Using black paint, a glazing medium and a few drops of water, you can create a dark, antiqued glaze. This creates an effect in the cracks and corners of your piece giving your furniture character and depth. You will be surprised at how simple antiquing can be. The results, beautiful!
Supplies & The Recipe
The first step is to mix your antique glaze solution. I use equal parts of glazing medium and black paint. Then, I add just a few drops of water.
How to Apply It
For the next step you have a couple of options. You can either apply the glaze with a paint brush and wipe it off with a dry cloth or apply it with one cloth and wipe it off with another. I do it the second way. But you can experiment and see what you like best.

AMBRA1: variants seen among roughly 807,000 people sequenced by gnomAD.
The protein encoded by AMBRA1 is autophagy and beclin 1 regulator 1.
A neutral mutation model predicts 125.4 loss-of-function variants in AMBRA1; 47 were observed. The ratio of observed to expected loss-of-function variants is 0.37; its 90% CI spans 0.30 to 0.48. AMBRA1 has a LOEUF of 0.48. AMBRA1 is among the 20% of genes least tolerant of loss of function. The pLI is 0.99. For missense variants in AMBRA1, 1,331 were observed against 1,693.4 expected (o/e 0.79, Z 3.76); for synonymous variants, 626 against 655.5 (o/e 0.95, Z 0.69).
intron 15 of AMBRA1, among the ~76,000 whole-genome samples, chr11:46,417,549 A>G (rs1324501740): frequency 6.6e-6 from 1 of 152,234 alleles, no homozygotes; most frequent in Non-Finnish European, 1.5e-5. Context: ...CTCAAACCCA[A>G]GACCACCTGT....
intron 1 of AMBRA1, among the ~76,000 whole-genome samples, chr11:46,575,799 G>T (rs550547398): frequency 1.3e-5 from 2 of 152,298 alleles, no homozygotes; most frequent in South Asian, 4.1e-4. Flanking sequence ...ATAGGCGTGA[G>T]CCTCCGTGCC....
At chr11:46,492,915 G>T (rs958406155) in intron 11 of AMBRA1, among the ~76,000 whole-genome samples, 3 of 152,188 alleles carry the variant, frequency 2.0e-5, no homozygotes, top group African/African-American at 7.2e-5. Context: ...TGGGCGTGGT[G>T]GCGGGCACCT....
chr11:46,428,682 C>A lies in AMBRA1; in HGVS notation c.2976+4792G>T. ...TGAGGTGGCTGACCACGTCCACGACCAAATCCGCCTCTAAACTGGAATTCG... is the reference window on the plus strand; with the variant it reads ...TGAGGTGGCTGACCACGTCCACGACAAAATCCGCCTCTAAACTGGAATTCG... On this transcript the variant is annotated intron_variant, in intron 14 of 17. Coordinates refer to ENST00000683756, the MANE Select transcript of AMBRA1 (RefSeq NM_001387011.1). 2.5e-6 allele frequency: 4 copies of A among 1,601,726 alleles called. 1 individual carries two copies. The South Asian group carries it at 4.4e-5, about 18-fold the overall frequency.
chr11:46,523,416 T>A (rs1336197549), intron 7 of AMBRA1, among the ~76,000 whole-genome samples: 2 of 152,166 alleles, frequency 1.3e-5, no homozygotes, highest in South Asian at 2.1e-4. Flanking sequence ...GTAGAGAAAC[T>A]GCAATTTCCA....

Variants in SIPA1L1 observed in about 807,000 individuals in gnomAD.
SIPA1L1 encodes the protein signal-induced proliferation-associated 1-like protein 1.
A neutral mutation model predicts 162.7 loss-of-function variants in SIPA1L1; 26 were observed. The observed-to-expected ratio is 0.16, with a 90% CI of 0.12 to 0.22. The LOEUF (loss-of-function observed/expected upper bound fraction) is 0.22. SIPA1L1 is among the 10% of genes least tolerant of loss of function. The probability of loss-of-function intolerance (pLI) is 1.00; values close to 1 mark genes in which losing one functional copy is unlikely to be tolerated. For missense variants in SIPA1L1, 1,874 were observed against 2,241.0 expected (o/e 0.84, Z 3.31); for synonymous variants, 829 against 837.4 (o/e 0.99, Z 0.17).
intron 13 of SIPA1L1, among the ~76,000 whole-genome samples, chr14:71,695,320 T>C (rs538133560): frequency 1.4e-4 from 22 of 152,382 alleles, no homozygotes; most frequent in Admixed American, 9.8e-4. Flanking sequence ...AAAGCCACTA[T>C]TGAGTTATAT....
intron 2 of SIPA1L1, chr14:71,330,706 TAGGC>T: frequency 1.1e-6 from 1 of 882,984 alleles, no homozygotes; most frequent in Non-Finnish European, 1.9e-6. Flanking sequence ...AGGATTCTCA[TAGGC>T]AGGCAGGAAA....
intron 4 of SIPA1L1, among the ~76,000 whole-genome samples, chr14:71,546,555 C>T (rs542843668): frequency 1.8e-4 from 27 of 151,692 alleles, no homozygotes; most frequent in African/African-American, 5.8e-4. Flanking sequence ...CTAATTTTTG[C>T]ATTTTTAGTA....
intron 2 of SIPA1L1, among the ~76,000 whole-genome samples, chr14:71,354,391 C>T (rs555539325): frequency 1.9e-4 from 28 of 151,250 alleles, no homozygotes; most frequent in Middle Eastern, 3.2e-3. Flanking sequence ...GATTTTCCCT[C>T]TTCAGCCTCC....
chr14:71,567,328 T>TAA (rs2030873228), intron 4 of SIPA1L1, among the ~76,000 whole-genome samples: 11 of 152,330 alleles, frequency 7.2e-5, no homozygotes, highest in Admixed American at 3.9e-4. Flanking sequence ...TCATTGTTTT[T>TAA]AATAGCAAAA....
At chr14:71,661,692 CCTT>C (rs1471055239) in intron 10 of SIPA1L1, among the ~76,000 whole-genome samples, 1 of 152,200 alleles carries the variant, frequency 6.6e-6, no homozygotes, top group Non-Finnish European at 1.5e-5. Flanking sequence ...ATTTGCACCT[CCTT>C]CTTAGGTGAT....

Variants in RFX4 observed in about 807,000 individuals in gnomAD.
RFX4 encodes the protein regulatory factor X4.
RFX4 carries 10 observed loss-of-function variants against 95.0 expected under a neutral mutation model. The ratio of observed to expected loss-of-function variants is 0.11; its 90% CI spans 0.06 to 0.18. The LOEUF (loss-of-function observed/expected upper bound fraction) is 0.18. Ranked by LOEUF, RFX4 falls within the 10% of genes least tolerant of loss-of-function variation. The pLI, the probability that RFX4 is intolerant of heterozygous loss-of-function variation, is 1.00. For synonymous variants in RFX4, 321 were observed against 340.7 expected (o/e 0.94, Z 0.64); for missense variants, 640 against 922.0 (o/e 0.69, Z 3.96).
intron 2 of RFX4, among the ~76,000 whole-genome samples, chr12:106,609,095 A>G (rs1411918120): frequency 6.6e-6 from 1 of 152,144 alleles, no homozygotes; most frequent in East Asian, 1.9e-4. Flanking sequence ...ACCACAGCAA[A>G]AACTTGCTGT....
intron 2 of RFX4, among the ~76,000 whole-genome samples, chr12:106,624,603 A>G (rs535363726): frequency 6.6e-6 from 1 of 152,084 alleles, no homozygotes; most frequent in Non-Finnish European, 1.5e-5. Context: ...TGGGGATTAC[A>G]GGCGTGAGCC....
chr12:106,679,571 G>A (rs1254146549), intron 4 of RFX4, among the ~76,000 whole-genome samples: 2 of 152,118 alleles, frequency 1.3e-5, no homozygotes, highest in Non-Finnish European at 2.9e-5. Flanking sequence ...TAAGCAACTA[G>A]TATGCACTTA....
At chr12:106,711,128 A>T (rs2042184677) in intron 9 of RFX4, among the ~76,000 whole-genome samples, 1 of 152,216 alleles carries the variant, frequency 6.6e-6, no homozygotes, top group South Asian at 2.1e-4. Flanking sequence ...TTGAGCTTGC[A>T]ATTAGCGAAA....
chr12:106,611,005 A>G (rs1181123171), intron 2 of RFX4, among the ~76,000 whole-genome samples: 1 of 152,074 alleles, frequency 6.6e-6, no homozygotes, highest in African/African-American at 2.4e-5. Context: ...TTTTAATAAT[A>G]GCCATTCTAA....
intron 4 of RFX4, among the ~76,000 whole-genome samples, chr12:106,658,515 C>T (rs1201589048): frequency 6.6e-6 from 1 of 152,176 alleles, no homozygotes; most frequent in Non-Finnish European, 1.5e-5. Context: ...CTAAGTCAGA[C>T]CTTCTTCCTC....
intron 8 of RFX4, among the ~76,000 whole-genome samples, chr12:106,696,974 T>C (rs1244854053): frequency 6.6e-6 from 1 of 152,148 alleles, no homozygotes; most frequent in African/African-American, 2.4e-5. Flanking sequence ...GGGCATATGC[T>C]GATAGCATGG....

Keep in Mind, Glaze Sets up FAST
Just keep in mind that once you apply the glaze, you don’t have much time before it starts to dry and set up. You probably have about 30 seconds or a minute. Once it has dried, you would need to sand it to remove it any start over. So, it’s best to move quickly and wipe to early than to wipe too late. Work in small sections at a time.
Make sure you get the glaze on thick in the little cracks and corners and then wipe away quickly so that you leave the dark in the recesses of the piece to really make the color contrast stand out.
Wiping the Glaze Off
I try to work in straight lines, some people like to work in circle motions with the cloth. It depends on the look you are going for. You can also use a sponge to get even straighter lines, as I explain in this article: How to Get Cleaner Lines When Glazing Furniture
If you are glazing for the first time, you may want to add a little more glazing medium than paint in your mixture, so it’s not as dark. This makes the antique glaze a little more forgiving.
Revive in Style did such a beautiful job on her Buffet table. I love how glaze brings out the ornate details of furniture. If you have any questions please comment below!